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Your answers could change the price of a plane ticket

5:58 PM, Mar 22, 2013   |    comments
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ATLANTA -- Everyone thinks they know how to find the best airfares possible. They check various websites and compare prices or use other secret methods.  However, now the airline industry wants to make dramatic changes in how travelers buy tickets. And some say it's going to lead to higher fares for customers. 

Resolution 787, also referred to as the New Distribution Capacity, was recently presented to the Department of Transportation (DOT) by the Airline Industry asking for regulatory approval.

And what is Resolution 787? You can read it here -- but it's a long, list of technical changes that may end with consumer paying for air travel accommodations. 

The resolution purposes that airlines start with a round of personal questions before they offer you a price. They claim the new measures are an effort to better serve customers.

"Unfortunately in the indirect channel there is no way for the airline to know who the customer is until the reservation has been made. Therefore if you are entitled to say a free bag or an upgrade to a roomier economy seat the airline doesn't know until they become aware of who it is who bought the ticket," Perry Flint Corporate Communications Director for International Air Transport Association (IATA) said.

If approved what questions can the airlines ask? 

The list is long but some of them are: your name, age, marital status, frequent flyer numbers, the type of customer you are, your travel history, shopping history, previously purchased services, travel dates, trip type, even nationality.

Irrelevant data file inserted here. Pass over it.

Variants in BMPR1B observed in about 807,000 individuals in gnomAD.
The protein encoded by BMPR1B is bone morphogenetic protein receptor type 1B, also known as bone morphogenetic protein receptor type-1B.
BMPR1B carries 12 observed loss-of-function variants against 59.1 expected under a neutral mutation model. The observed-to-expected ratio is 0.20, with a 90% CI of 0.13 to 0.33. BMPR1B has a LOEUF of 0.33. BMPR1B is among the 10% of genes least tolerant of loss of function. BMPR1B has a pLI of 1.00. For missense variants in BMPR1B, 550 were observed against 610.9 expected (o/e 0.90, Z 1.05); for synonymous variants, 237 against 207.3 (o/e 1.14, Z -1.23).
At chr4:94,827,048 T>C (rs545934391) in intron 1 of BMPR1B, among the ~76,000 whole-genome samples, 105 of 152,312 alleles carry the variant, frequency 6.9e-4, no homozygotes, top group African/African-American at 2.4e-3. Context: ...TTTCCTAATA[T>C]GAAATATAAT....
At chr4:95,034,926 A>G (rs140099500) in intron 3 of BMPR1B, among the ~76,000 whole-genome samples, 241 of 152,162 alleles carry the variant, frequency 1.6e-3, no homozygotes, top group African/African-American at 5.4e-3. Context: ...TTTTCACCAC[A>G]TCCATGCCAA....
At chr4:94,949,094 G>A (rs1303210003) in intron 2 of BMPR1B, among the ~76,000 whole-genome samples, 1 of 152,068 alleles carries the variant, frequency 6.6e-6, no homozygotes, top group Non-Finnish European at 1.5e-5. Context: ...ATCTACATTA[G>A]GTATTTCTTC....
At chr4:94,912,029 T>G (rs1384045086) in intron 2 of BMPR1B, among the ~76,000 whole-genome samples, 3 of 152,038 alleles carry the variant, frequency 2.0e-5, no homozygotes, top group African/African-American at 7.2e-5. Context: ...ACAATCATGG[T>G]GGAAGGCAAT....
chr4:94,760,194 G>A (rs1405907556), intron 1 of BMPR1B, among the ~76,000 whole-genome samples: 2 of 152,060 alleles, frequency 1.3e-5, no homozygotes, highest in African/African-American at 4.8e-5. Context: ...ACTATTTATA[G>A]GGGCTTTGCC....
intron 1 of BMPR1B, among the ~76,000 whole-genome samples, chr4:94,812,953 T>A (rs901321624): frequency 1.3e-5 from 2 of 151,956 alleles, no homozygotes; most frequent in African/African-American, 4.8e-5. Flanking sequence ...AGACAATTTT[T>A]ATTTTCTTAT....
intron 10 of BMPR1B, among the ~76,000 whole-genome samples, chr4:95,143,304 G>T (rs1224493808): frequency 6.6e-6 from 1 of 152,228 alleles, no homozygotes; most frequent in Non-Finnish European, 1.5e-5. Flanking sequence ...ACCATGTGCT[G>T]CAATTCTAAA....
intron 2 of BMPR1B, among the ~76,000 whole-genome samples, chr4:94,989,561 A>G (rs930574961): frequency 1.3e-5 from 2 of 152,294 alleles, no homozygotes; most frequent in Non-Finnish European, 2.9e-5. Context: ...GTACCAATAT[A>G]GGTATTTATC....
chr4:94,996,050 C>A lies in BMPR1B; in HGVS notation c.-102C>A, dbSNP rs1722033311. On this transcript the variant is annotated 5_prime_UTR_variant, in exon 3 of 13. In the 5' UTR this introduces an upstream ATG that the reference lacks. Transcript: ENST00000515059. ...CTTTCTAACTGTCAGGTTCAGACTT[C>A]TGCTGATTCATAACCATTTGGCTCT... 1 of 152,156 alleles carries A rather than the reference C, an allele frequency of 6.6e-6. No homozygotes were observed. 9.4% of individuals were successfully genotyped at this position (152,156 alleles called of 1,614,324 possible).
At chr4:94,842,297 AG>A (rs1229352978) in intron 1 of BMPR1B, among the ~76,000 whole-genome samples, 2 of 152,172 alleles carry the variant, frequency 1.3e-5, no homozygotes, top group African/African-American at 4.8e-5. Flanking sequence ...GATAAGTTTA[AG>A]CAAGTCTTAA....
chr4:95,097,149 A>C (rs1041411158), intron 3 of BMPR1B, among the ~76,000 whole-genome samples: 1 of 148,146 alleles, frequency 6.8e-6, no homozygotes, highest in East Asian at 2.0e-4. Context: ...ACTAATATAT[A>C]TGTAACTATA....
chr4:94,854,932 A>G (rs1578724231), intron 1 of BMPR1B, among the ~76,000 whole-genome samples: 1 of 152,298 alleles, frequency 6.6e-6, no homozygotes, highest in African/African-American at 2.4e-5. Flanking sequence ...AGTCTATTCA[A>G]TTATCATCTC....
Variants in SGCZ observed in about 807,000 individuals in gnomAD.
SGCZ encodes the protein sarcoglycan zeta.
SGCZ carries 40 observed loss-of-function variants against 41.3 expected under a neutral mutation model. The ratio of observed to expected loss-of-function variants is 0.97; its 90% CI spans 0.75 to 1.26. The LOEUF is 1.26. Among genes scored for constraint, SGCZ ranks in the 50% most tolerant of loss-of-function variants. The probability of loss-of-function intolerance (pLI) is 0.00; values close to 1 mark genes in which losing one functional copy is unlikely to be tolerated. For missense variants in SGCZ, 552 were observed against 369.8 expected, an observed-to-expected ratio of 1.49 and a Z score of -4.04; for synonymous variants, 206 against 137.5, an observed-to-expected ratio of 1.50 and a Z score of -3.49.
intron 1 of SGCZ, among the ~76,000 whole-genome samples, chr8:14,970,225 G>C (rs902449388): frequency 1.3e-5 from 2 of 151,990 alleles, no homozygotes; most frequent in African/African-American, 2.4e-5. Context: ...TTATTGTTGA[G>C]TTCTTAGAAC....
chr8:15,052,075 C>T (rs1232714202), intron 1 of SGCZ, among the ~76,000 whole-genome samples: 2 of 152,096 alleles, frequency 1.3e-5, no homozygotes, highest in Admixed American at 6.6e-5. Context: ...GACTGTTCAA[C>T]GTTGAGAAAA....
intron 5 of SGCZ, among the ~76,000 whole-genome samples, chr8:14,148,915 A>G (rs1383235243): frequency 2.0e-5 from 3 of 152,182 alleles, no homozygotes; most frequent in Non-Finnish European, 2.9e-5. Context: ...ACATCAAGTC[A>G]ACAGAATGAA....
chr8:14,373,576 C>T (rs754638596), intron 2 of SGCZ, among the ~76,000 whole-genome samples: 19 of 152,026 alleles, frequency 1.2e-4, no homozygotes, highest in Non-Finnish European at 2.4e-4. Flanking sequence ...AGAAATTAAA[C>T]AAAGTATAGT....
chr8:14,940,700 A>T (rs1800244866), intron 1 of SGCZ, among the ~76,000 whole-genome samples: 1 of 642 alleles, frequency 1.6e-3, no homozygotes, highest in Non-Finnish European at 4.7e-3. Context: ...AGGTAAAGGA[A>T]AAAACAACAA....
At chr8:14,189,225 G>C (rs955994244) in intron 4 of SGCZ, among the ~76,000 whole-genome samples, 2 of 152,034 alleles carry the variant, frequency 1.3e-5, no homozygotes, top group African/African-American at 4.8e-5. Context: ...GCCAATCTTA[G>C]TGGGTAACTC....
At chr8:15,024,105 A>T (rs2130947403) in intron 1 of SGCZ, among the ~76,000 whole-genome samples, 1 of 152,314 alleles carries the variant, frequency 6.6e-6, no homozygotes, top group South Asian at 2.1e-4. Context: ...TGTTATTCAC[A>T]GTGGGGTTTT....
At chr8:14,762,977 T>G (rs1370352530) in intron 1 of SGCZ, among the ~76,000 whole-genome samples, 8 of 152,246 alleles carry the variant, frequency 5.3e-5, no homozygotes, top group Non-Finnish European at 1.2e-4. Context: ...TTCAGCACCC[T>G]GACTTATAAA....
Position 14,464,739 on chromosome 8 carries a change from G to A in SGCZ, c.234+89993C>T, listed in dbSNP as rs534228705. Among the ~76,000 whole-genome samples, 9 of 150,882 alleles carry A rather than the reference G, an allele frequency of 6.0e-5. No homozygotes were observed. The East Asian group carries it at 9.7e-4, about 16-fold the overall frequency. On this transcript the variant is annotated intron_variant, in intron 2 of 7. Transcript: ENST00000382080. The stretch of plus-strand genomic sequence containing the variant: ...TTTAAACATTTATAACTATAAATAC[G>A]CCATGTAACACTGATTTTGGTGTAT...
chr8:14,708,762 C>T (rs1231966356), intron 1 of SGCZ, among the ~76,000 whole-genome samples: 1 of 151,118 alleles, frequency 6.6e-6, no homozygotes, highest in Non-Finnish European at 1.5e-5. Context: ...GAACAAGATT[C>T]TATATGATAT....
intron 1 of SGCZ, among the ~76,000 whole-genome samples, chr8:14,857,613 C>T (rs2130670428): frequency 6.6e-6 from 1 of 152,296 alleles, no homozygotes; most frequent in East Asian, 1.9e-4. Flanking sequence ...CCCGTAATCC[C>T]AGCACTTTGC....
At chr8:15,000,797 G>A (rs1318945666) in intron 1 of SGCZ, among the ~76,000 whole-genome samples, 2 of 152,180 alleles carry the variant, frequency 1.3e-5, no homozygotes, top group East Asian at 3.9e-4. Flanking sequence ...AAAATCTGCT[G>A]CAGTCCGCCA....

And in their filing the IATA says "Data may include, but not be limited to: And after receiving your characteristics the airline would quote you a price with bundled service products."

But some in the travel industry aren't completely sold on the idea. 

"It has the potential for being very bad," Snellville travel agent Lawton Roberts said. Apart from privacy concerns Roberts sees this as a way for the airline industry to gain more power over pricing. 

"It will make it more difficult for you to shop. To comparison shop. That's the important point here. It would make it more difficult because of the absence of published fares that are out there for anyone to purchase now. That won't be the case potentially in the future," Roberts said.

Flint insists you will still be able to shop anonymously but leaving consumers wondering if they're really getting the best deal if they don't give the airline all of their information. 

And Roberts says the new plan would cost business and frequent fliers the most because they are already less price sensitive.

You have until April 1, 2013 to make a public comment to the Department Of Transportation.   If you would like to you need to go to www.regulations.gov and enter the docket number: DOT-OST-2013-0048 for this filing. 

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